Football coaching carousel turns at area high schools
The only head football coach on Carrboro High School’s sideline since it opened in 2007 figured that’s where he’d happily end his career.
“When I took the Carrboro job, I thought I’d be there until I retired,” Jason Tudryn said.
But Tudryn, who got Carrboro to the 2-AA state championship game in 2012, is North Carolina football coach Larry Fedora’s new director of high school relations. He took the job in April and in that role will help with UNC’s recruiting and football camps.
Carrboro athletics director April Ross said interviews are underway to find someone to build on what was started by Tudryn, who constructed the school’s football program from scratch.
More movement in the area has East Chapel Hill and South Granville high schools in the hunt for head football coaches.
Former ECH head coach Jon Sherman has taken a job as an assistant coach at Fayetteville’s Byrd High School. He took charge at ECH in 2013 when Bill Renner left the helm after the 2012 season. Renner spent 2013 as the offensive coordinator for Northwood coach Bill Hall.
The upcoming season will include Hall’s final play call. He’s retiring.
“It’s the last hurrah,” Hall said.
Hall’s been coaching football for 28 years, and it’s gotten to the point where he no longer can justify the time away from his family with the $2,250 paycheck he receives for his services that have him dealing with some aspect of the game pretty much all year. He said it wasn’t like that when he started in 1988. But now with players in seven-on-seven drills and pounding weights when the football season is over, the time really adds up, Hall said.
“It’s a whole lot of hours,” Hall said.
Don’t look for Hall to join Tudryn on the next level.
“The college life never interested me,” Hall said.
Hall said he’s not sure who Northwood’s next coach will be but hopes to have at least a say in the matter.
ECH athletics director Ray Hartsfield said he begrudges no man for making career moves, but the Wildcats have had back-to-back short-term coaches and really could use some stability.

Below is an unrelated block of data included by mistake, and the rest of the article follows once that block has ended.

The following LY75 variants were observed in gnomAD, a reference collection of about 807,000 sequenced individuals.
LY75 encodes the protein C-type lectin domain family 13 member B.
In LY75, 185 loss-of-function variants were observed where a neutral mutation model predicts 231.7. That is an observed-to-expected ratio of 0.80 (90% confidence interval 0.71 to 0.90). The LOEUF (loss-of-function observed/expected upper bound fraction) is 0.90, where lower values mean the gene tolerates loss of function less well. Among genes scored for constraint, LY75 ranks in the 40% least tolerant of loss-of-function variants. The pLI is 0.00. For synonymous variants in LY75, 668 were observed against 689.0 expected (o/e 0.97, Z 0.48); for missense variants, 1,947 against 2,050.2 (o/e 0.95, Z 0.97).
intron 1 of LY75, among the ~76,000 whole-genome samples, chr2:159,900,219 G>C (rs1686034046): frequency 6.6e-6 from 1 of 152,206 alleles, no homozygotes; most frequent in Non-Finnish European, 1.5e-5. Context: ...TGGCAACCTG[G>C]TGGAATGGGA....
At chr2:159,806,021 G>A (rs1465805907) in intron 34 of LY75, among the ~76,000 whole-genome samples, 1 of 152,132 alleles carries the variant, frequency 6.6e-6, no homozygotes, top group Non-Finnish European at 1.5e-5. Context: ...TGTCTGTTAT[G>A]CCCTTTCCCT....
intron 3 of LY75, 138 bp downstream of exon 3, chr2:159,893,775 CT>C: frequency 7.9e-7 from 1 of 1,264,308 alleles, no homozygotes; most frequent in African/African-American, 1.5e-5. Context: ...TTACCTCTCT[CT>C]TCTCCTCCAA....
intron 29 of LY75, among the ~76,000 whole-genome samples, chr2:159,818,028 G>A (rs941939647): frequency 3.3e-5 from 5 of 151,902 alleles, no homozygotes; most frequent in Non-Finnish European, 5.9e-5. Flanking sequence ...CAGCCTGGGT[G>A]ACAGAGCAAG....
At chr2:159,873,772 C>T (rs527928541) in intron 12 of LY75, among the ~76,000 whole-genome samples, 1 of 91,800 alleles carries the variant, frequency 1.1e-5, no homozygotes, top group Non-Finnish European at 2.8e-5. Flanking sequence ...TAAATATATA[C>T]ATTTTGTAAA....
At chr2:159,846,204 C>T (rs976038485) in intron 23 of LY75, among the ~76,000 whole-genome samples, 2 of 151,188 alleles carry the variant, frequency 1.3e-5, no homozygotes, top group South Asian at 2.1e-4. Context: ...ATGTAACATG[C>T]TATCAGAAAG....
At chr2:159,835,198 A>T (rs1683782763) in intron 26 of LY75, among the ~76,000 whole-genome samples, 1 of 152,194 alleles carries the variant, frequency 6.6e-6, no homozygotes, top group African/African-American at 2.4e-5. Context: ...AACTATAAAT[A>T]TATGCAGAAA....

“We’ve just got to find somebody that really wants to be at East Chapel Hill and build the program,” Hartsfield said.
Former South Granville head coach Mike Hobgood has taken command of the football program at Raleigh’s Leesville Road High School. South Granville athletics director Don Colgan has been running the football team in the interim. Candidates to replace Hobgood — he played at Northern High School and UNC — have been interviewed, and the Granville County Board of Education during its June 26 meeting could sign off on South Granville’s new coach, Colgan said.
High school school coaches don’t get paid very much for their extra-curricular activities. In Durham Public Schools, a football coach with no experience makes $3,379 per season, DPS athletics director Larry McDonald said. The most experienced football coaches in the school system earn $8,318 per season, he said.
Add up the hours that could include anything from field preparation to film sessions on opposing teams and the stipends some coaches receive more or less make them volunteers who receive tips for their time and service.
Yet Hobgood has opted out of a successful, lower-profile, 2-A coaching situation at South Granville to see what he can do with 4-A Leesville Road that presumably comes with more demands and proverbially brighter Friday night lights.
“He’s an extremely competitive dude,” Tudryn said.
Tudryn said he would have relished an opportunity to coach high school football at a larger school. With that comes a larger pool of talent from which to pull, not to mention simply having plenty of bodies that do away with worries about not having enough players to develop on the junior varsity level, Tudryn said. And players and coaches alike get a little more fired up by bigger crowds at bigger schools, he said.
Carrboro was on a pretty big stage at N.C. State’s Carter-Finley Stadium that night on Dec. 1, 2012, when South Iredell beat the Jaguars 30-27 to win the state championship. That was the first time Carrboro lost a game that season. Tudryn had the Jags playing at a very high level that year.
“He will be truly missed by the Carrboro community,” Ross said.
Carrboro’s next football coach needs to understand something about that community, Tudryn said.
“Carrboro’s a different place,” Tudryn said. “Chapel Hill-Carrboro City Schools are like Ivy League high schools.”
Football players at Carrboro High go to class and do their homework, Tudryn said. He said he didn’t worry about Jaguars maintaining their eligibility to play. The concern at Carrboro had to do with guys potentially studying so hard that they wouldn’t have much left in the tank for football, he explained. Carrboro’s next coach needs to understand that, Tudryn said.